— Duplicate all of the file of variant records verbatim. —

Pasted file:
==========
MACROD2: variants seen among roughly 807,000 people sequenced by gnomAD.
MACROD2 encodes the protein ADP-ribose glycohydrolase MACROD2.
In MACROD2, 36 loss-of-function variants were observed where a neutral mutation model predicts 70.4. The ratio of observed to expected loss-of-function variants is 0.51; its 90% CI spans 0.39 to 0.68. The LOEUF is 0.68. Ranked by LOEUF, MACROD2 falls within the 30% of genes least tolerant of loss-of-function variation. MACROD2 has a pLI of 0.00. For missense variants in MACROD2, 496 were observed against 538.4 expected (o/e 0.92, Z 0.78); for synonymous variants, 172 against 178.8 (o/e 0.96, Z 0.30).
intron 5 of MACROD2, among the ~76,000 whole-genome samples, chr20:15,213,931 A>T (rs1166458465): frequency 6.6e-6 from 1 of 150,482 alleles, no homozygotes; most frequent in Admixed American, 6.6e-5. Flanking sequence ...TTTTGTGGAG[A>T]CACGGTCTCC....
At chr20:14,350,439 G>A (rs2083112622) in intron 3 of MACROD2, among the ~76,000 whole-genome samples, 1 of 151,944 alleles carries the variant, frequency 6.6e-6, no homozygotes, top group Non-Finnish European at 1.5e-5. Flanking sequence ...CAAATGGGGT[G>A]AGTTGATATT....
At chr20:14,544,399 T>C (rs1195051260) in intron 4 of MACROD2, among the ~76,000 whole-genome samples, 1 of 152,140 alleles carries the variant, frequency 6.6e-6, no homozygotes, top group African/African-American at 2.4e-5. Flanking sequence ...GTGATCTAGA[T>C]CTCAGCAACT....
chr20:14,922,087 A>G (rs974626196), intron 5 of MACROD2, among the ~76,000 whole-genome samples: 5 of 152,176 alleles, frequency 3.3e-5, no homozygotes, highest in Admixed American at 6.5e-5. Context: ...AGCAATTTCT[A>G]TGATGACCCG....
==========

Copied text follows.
MACROD2: variants seen among roughly 807,000 people sequenced by gnomAD.
MACROD2 encodes the protein ADP-ribose glycohydrolase MACROD2.
In MACROD2, 36 loss-of-function variants were observed where a neutral mutation model predicts 70.4. The ratio of observed to expected loss-of-function variants is 0.51; its 90% CI spans 0.39 to 0.68. The LOEUF is 0.68. Ranked by LOEUF, MACROD2 falls within the 30% of genes least tolerant of loss-of-function variation. MACROD2 has a pLI of 0.00. For missense variants in MACROD2, 496 were observed against 538.4 expected (o/e 0.92, Z 0.78); for synonymous variants, 172 against 178.8 (o/e 0.96, Z 0.30).
intron 5 of MACROD2, among the ~76,000 whole-genome samples, chr20:15,213,931 A>T (rs1166458465): frequency 6.6e-6 from 1 of 150,482 alleles, no homozygotes; most frequent in Admixed American, 6.6e-5. Flanking sequence ...TTTTGTGGAG[A>T]CACGGTCTCC....
At chr20:14,350,439 G>A (rs2083112622) in intron 3 of MACROD2, among the ~76,000 whole-genome samples, 1 of 151,944 alleles carries the variant, frequency 6.6e-6, no homozygotes, top group Non-Finnish European at 1.5e-5. Flanking sequence ...CAAATGGGGT[G>A]AGTTGATATT....
At chr20:14,544,399 T>C (rs1195051260) in intron 4 of MACROD2, among the ~76,000 whole-genome samples, 1 of 152,140 alleles carries the variant, frequency 6.6e-6, no homozygotes, top group African/African-American at 2.4e-5. Flanking sequence ...GTGATCTAGA[T>C]CTCAGCAACT....
chr20:14,922,087 A>G (rs974626196), intron 5 of MACROD2, among the ~76,000 whole-genome samples: 5 of 152,176 alleles, frequency 3.3e-5, no homozygotes, highest in Admixed American at 6.5e-5. Context: ...AGCAATTTCT[A>G]TGATGACCCG....